Patient records are essential in determining the current state of a patient’s health and future risk indicators. The medical information and health records are created using proprietary complex systems that are stored at different locations, making them difficult to access. The existing systems often allow inconsistent access to medical data. A hospital, for example, may have a number of proprietary computer systems which each record and maintain medical information about patients in a unique proprietary format. Medical professionals can only access medical information on certain computer systems located in specific hospital wards. It is common for staff to request hard copies of the medical information, which are then pulled from different storage systems one by one. This can cause significant waiting times.
A medical professional’s access to all the medical data associated with a particular patient may be limited, complicating the delivery of healthcare. A patient’s medical information may be stored in a multitude of hospitals. The medical professional in this case may not be aware of or have no access to the medical information stored at multiple hospitals. Another example is a patient who visits a number of emergency rooms to receive healthcare. Information from this series of visits might not be available to all medical practitioners. This inaccessibility can cause problems for medical professionals when it comes to certain classes of pharmaceuticals such as pain medications. A medical professional, for example, may prescribe a particular pharmaceutical class to a client without knowing how many prescriptions the patient has had.
A patient with a valid prescription may face obstacles in obtaining the pharmaceutical. While at a pharmacist, the patient might be asked to provide proof of his/her identification. The pharmacy may also require that proof be provided to prove the validity of the authorization. The pharmacy, for example, may ask that the prescription is confirmed with a medical professional. These steps to prove authorization may prevent unauthorized access to pharmaceuticals but may also make it difficult for a patient who is authorized to obtain the pharmaceutical. The existing systems and schemes do not have the necessary technical solutions for automatic identification of patients at the pharmacy and determination of their valid authorization to purchase pharmaceuticals.
Specific embodiments of the subject described in this specification may be implemented to achieve one or more of these advantages. The system described can be used to protect sensitive medical data of patients while tightly integrating it with the systems of medical professionals, pharmaceutical firms, etc., in order to perform actions. The system’s actions can be enabled based on the strict adherence of authorization information. One example of an action is authorizing a prescription by a medical professional for a specific patient. A second example can be to send authorization information (e.g. mobile device) to the user device of the patient. In this manner, the patient can enter the pharmacy and, using the authorization information stored on his/her device, quickly obtain the associated pharmaceutical. The authorization information confirms that the prescription is valid, while the user device confirms the identity of the patient (e.g. via biometric identification). Authorization information can include tokens or encrypted information.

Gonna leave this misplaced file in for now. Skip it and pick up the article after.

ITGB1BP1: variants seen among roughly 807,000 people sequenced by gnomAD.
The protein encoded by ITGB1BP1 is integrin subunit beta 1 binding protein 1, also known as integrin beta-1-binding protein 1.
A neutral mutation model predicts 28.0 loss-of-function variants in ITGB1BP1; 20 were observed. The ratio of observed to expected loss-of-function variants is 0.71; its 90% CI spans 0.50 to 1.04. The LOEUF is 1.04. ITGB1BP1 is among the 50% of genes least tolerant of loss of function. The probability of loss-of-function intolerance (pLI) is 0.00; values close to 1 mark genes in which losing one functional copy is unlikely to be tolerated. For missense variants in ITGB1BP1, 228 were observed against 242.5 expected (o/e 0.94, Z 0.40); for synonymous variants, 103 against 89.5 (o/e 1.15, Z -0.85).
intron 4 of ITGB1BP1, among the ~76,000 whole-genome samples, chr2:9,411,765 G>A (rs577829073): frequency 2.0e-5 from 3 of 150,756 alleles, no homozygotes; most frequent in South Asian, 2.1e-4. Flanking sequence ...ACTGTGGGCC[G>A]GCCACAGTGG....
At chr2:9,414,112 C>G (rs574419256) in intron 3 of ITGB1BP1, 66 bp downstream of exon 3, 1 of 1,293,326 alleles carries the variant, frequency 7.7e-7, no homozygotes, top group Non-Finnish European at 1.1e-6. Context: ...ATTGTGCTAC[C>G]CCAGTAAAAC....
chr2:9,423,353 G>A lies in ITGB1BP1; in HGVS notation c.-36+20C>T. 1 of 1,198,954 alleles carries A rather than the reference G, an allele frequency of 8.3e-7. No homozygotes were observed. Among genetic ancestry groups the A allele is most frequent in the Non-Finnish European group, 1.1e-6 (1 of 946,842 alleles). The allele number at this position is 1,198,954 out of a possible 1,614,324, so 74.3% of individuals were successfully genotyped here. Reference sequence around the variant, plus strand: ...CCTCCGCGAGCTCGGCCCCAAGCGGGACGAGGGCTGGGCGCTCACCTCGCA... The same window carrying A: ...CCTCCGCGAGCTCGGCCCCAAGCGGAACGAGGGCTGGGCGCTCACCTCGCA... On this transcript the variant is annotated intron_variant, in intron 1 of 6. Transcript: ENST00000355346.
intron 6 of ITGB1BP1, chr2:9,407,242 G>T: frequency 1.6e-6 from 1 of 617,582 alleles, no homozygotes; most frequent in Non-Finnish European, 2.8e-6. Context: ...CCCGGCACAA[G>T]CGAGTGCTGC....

The system described in this document can ensure that the totality of medical information about a patient is automatically analyzed before a prescription is authorized. The system is able to access medical data from disparate sources and analyze it automatically in order to make sure that the prescription does not have contraindications. The system can also ensure that a prescribed class of pharmaceuticals, such as painkillers, can be given to the patient. The system, for example, can determine if the patient visited other medical professionals or hospitals to obtain pharmaceuticals of a particular class.
The system can enforce strict conditions of trust regarding the visibility of patient medical data. The system allows patients to “trust” the system. Medical professionals can then access specific portions of (or all) the patient’s records and medical history. A medical professional can review the detailed medical records of a patient with the trust. The system can also restrict access to certain portions of a patient’s medical records. While the system may analyze medical data prior to authorizing prescriptions, it can also limit the extent to which medical professionals can view that information. The system can tell a medical professional if a drug is contraindicated, but limit their access to detailed information about the patient.